Vitamin D is the only dietary nutrient that the body makes in response to direct sunlight and as such, if sun exposure is limited then we need to ingest it and since food sources are limited supplements are a good option. Vitamin D is most well-known for enhancing bone health, but it has been shown to aid in the absorption of minerals and protect against cancer, infections, and many diseases. Vitamin D regulates around 3,000 genes which might explain its many benefits. But how much vitamin D should you get? The Institute of Medicine (IOM) recommends 600IU a day to prevent a deficiency in those with limited sunlight, but this will not even get you close to optimal levels for healthy living.
For healthy adults, Intaking around 5000IU a day is adequate to raise vitamin D to more optimum levels, and intaking up to 10,000IU a day can increase it even more. A more optimal level of Vitamin D in the blood is 50-70ng/ml, which can be achieved for some by intaking 5000IU every day with limited sun exposure (or by being in the sun all day). Intaking up to 10,000 IU can be advantageous for those with little sunlight exposure, and even 50,000IU can help while sick. Toxicity is difficult to achieve as cases are typically from people taking 1,000,000IU or more for more than a month, so toxicity is typically not an issue.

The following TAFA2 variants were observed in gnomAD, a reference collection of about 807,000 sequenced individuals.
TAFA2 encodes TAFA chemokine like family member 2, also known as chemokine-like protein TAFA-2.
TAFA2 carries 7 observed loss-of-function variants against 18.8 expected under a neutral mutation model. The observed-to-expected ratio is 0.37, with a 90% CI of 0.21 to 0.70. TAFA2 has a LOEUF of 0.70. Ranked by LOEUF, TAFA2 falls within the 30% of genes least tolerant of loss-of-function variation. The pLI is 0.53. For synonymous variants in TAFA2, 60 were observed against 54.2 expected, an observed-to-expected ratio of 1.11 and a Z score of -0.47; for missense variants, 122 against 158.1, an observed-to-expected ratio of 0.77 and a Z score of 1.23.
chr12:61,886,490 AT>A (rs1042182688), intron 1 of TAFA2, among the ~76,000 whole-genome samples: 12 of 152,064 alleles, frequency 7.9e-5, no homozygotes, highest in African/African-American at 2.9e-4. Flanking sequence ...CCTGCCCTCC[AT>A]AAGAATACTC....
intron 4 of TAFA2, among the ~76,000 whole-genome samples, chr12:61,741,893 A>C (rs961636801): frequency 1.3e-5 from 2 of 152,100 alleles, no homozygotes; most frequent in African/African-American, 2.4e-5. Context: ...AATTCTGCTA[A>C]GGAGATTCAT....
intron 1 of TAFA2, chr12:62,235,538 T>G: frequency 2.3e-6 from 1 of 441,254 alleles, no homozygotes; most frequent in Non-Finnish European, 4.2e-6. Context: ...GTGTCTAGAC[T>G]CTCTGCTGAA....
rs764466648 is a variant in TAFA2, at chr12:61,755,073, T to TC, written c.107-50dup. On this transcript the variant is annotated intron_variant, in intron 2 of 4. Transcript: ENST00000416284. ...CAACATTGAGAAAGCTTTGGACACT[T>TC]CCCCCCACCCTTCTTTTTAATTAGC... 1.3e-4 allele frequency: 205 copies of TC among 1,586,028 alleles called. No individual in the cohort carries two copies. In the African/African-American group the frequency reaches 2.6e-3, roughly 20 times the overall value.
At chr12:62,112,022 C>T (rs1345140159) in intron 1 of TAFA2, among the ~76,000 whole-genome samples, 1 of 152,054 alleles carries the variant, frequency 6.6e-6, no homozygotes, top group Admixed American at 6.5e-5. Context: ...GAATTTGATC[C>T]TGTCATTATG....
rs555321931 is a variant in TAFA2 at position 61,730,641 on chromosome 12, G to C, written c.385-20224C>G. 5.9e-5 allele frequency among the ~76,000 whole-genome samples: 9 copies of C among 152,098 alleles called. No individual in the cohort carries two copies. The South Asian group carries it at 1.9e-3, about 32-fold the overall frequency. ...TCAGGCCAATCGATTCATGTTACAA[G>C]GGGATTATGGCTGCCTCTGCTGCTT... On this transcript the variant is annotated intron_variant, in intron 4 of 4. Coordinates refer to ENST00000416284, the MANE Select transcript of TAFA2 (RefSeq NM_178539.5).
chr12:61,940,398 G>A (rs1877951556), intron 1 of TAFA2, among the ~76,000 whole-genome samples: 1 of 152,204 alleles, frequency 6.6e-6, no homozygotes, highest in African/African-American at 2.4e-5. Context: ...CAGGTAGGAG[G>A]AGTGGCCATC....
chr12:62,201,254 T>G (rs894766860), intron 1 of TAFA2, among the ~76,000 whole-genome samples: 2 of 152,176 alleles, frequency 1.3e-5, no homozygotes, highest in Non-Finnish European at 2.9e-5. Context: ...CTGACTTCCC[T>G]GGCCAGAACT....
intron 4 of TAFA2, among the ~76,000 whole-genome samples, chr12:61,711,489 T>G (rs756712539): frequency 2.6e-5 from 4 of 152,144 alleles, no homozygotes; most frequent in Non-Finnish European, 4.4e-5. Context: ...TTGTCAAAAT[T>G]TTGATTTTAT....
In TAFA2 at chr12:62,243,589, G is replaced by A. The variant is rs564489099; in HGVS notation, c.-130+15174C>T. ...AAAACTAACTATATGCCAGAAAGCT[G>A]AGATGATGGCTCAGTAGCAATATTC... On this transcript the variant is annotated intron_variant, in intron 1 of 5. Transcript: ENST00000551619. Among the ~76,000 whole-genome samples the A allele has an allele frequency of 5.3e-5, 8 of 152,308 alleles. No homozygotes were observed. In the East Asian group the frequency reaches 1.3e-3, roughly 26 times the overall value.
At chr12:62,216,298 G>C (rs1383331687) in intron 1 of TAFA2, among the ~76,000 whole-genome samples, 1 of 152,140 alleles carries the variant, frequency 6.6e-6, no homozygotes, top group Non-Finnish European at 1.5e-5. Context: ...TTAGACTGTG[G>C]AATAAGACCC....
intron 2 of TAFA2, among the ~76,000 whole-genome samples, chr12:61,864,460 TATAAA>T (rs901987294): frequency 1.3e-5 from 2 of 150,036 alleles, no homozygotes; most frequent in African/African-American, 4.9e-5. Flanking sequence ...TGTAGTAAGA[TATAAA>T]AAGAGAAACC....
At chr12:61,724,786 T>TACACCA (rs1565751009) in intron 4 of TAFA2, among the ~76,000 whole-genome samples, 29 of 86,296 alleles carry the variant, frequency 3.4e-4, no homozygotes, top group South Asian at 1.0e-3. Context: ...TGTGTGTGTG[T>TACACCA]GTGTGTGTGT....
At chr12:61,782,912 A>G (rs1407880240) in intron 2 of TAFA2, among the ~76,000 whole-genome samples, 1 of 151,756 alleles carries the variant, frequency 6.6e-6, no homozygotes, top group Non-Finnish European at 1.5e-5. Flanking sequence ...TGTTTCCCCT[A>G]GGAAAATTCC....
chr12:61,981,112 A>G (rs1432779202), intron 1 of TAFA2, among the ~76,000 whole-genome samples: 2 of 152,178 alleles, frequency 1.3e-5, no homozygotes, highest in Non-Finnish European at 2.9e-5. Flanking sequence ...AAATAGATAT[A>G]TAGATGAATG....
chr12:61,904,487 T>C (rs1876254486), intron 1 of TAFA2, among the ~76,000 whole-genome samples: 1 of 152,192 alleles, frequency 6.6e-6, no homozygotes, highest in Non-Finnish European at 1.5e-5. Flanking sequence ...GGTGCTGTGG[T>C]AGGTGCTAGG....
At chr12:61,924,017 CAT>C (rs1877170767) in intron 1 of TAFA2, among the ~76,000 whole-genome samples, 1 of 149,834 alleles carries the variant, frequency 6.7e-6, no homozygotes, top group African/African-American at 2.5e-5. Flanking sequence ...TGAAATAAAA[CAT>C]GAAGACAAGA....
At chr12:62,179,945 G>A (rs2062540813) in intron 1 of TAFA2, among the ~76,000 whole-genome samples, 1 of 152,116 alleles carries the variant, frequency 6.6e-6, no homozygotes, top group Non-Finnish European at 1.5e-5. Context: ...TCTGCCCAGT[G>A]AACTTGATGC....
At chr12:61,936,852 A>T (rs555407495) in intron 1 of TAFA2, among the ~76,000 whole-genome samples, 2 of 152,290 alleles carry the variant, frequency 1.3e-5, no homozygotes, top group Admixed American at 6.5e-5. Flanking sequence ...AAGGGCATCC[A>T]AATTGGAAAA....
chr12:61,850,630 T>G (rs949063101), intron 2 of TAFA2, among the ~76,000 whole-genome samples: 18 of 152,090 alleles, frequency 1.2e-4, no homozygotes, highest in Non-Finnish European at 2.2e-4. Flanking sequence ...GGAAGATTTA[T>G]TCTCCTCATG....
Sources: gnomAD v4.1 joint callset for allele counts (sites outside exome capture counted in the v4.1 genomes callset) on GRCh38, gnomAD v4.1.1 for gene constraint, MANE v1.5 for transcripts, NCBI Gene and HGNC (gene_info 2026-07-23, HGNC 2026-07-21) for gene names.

As for sun exposure, more vitamin D is produced in lighter-skinned people and in warmer/clearer weather where the sun is the highest. So if it’s cloudy and cold the need for supplementing with vitamin D becomes more apparent. If it is the evening in the winter, it becomes very difficult for someone with fair skin to synthesize enough vitamin D to even be at sufficient levels. But that same person at noon in the summer could synthesize plenty of vitamin D in less than 30 minutes. With colder weather here it becomes important to ensure vitamin D levels with supplementation.